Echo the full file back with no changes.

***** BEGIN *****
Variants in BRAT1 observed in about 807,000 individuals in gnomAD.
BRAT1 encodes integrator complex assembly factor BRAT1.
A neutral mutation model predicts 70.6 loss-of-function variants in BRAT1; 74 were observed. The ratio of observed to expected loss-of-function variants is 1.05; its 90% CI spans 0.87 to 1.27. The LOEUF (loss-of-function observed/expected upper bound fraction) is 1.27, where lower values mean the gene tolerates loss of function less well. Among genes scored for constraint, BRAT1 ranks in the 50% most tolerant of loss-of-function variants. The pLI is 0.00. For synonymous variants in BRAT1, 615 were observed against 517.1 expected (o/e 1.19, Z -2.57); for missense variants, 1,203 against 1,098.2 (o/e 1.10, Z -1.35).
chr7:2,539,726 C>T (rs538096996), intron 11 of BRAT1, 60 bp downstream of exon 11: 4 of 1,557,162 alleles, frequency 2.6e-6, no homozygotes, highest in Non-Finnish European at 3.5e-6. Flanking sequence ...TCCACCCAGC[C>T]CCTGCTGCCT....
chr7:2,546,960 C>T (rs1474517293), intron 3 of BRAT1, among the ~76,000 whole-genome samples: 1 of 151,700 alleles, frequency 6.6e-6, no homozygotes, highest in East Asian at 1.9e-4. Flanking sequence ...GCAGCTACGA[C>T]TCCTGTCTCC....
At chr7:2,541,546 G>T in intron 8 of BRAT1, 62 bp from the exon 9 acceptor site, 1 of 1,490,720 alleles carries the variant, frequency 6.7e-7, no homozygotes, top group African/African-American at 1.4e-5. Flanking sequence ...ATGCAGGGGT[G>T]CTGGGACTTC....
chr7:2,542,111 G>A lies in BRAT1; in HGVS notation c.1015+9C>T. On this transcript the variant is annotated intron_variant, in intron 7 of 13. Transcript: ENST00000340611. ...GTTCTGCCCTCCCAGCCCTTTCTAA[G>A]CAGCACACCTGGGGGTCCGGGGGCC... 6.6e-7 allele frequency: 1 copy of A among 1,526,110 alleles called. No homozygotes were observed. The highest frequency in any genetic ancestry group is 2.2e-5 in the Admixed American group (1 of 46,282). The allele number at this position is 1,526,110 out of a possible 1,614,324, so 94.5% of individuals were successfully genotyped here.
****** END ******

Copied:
Variants in BRAT1 observed in about 807,000 individuals in gnomAD.
BRAT1 encodes integrator complex assembly factor BRAT1.
A neutral mutation model predicts 70.6 loss-of-function variants in BRAT1; 74 were observed. The ratio of observed to expected loss-of-function variants is 1.05; its 90% CI spans 0.87 to 1.27. The LOEUF (loss-of-function observed/expected upper bound fraction) is 1.27, where lower values mean the gene tolerates loss of function less well. Among genes scored for constraint, BRAT1 ranks in the 50% most tolerant of loss-of-function variants. The pLI is 0.00. For synonymous variants in BRAT1, 615 were observed against 517.1 expected (o/e 1.19, Z -2.57); for missense variants, 1,203 against 1,098.2 (o/e 1.10, Z -1.35).
chr7:2,539,726 C>T (rs538096996), intron 11 of BRAT1, 60 bp downstream of exon 11: 4 of 1,557,162 alleles, frequency 2.6e-6, no homozygotes, highest in Non-Finnish European at 3.5e-6. Flanking sequence ...TCCACCCAGC[C>T]CCTGCTGCCT....
chr7:2,546,960 C>T (rs1474517293), intron 3 of BRAT1, among the ~76,000 whole-genome samples: 1 of 151,700 alleles, frequency 6.6e-6, no homozygotes, highest in East Asian at 1.9e-4. Flanking sequence ...GCAGCTACGA[C>T]TCCTGTCTCC....
At chr7:2,541,546 G>T in intron 8 of BRAT1, 62 bp from the exon 9 acceptor site, 1 of 1,490,720 alleles carries the variant, frequency 6.7e-7, no homozygotes, top group African/African-American at 1.4e-5. Flanking sequence ...ATGCAGGGGT[G>T]CTGGGACTTC....
chr7:2,542,111 G>A lies in BRAT1; in HGVS notation c.1015+9C>T. On this transcript the variant is annotated intron_variant, in intron 7 of 13. Transcript: ENST00000340611. ...GTTCTGCCCTCCCAGCCCTTTCTAA[G>A]CAGCACACCTGGGGGTCCGGGGGCC... 6.6e-7 allele frequency: 1 copy of A among 1,526,110 alleles called. No homozygotes were observed. The highest frequency in any genetic ancestry group is 2.2e-5 in the Admixed American group (1 of 46,282). The allele number at this position is 1,526,110 out of a possible 1,614,324, so 94.5% of individuals were successfully genotyped here.